VTOL – From Harriers to “Uber Air”?

Bell-Boeing V-22 Osprey. By Peter Gronemann / CC BY 2.0

Vertical take-off and landing (or VTOL) has been largely the stuff of science-fiction.  It usually features something like rotating jets angle downwards and then fire, lifting the craft up into the air, where it can presumably manoeuvre towards its destination.

But the dreams of science-fiction have this odd tendency to become science-fact (just look at your cellphone) and the usual developers for these types of futuristic technology is the military.

Vertical take off and landing Convair XFY-1 Pogo in flight.
Vertical take off and landing Convair XFY-1 Pogo in flight.

Aircraft using VTOL technology would not necessarily need a long runway, which means that the Air Force could theoretically maximize space by loading up a tarmac with fighters and bombers.  In civilian terms, it means more airplanes per airport, and more flights taking off at any given time.

The reduced requirement for physical space could reduce the costs in terms of infrastructure when compared to other more traditional planes.

The challenge lies in the engineering, and it’s been an enduring puzzle that people have been trying to solve for literally decades.  Youtuber Real Engineering gives an excellent primer to VTOL technology, including its humble beginnings and early design bumps and snags.

Marines boarding an MV-22.
Marines boarding an MV-22.

There are two different types of VTOL technology: rotorcraft and powered-lift.

Rotorcraft, also called rotary wing aircraft, uses lift generated by rotor blades spinning around a central mast.  It’s the variety of technology used in helicopters, gyrocopters and quadcopters.

The second type of VTOL technology involves devices that take off and land vertically, but differ in performance from rotorcraft while in the air.  These devices typically have a more conventional fixed wing design and examples include convertiplanes like the Bell Boeing V-22 Osprey, which uses fixed wing lift in normal flight, but launches and lands vertically.

Bell Boeing V-22 Osprey. Photo: FOX 52 – CC BY-SA 4.0
Bell Boeing V-22 Osprey. Photo: FOX 52 – CC BY-SA 4.0

Beyond commercial airline opportunities and military applications, VTOL has drawn the attention of other private and civil firms including the potential for flying cars and air taxis, which would make extensive use of helipads without actually being helicopters themselves.

Even ride-sharing giant Uber has expressed interest in VTOL technology, hoping to deck out their ride-sharing brand with an aerial option, and possibly even partnering with Airbus for the venture.  Lilium, a German company, reports having completed successful test runs of VTOL technology, and the city of Dubai has expressed interest in incorporating VTOL planes into future transportation ventures.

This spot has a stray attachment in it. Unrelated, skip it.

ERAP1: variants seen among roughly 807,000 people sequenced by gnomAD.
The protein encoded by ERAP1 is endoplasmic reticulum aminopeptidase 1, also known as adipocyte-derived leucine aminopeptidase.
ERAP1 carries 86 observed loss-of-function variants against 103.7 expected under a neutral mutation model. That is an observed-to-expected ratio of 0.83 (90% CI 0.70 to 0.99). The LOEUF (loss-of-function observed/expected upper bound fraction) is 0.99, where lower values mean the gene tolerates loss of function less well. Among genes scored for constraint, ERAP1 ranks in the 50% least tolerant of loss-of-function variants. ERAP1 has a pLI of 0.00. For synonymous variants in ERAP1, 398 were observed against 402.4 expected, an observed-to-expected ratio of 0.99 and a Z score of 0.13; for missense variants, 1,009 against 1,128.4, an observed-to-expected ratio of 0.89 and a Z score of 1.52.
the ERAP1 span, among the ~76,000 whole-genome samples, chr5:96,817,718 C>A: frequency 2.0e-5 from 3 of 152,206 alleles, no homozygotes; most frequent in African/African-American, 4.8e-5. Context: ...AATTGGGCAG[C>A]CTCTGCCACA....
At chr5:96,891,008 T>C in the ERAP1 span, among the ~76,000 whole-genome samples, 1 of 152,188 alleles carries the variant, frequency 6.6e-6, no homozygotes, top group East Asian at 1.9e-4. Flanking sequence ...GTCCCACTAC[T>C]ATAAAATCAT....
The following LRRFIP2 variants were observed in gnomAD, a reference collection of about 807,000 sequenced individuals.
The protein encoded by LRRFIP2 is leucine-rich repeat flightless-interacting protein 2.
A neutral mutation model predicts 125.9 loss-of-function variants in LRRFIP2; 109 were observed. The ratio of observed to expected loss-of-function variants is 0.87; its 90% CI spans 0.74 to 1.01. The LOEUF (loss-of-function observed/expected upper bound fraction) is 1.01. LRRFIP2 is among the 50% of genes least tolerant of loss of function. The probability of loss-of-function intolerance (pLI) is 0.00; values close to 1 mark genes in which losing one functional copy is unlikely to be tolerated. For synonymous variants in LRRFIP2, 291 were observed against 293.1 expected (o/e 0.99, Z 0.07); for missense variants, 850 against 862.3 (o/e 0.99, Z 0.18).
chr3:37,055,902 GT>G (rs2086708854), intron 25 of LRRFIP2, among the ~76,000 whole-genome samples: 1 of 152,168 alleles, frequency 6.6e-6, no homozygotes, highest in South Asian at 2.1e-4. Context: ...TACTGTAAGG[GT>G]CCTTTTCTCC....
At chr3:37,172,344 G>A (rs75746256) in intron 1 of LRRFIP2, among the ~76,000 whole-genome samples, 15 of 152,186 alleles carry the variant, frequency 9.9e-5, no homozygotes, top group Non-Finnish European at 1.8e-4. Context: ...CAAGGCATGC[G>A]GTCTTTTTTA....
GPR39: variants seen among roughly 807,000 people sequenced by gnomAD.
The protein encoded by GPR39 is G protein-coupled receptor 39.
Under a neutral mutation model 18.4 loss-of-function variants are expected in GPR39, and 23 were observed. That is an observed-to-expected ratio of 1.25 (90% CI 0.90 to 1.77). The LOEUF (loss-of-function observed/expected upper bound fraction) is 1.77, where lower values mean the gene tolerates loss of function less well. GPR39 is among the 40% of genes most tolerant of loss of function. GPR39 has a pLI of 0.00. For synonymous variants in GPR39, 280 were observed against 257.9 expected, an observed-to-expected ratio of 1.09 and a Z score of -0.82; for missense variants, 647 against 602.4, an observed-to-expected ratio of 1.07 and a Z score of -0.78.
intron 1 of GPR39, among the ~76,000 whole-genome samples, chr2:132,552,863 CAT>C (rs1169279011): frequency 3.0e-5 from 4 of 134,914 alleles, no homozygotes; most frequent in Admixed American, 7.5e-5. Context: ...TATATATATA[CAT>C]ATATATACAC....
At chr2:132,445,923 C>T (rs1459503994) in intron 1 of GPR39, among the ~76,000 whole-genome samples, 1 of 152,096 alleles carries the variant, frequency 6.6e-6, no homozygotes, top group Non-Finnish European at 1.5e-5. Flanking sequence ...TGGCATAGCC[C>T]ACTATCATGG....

What’s most revolutionary about Lilium’s curious design is that it features two pairs of wings and 36 turbofans.  These fans are able to point either horizontally or vertically, and smoothly transition between the two alignments.

Each fan has a high-speed electric motor behind it, and the craft can reach a top speed of over 150 miles an hour on a 1 hour rechargeable battery.  In design, it’s similar to a certain DARPA X-Plane design, but without the extreme stats.

Aurora LightningStrike aircraft along with XV-24A Vertical-Lift currently in progress under DARPA VTOL X-Plane Program
Aurora LightningStrike aircraft along with XV-24A Vertical-Lift currently in progress under DARPA VTOL X-Plane Program

The first flight featured Lilium’s two-seat prototype, which itself was a precursor to Lilium’s five-seat commercial aircraft.  The intention behind the flight was to run some tests on the aircraft’s capabilities, including VTOL, how it transitioned to normal flight, and other complex maneuvres.

These tests involved a smaller version of their commercial design, and was unmanned, so the likelihood of boarding an Uber Air anytime soon isn’t good.  Still, this prototype test pushes Lilium ahead of the competition, so if it does manage to bring its craft to the market, Lilium sees it as an air taxi capable of ferrying passengers over the crowded streets of the city aiming for destinations faster than anyone or anything else on the roads far down below.

Who knows?  Given time, money and favourable circumstances, we may someday trade in our environmentally catastrophic internal combustion engines in for something decidedly lighter, and all while ensuring that our commute to work is full of sunny skies.


Ian Harvey

Ian Harvey is one of the authors writing for WAR HISTORY ONLINE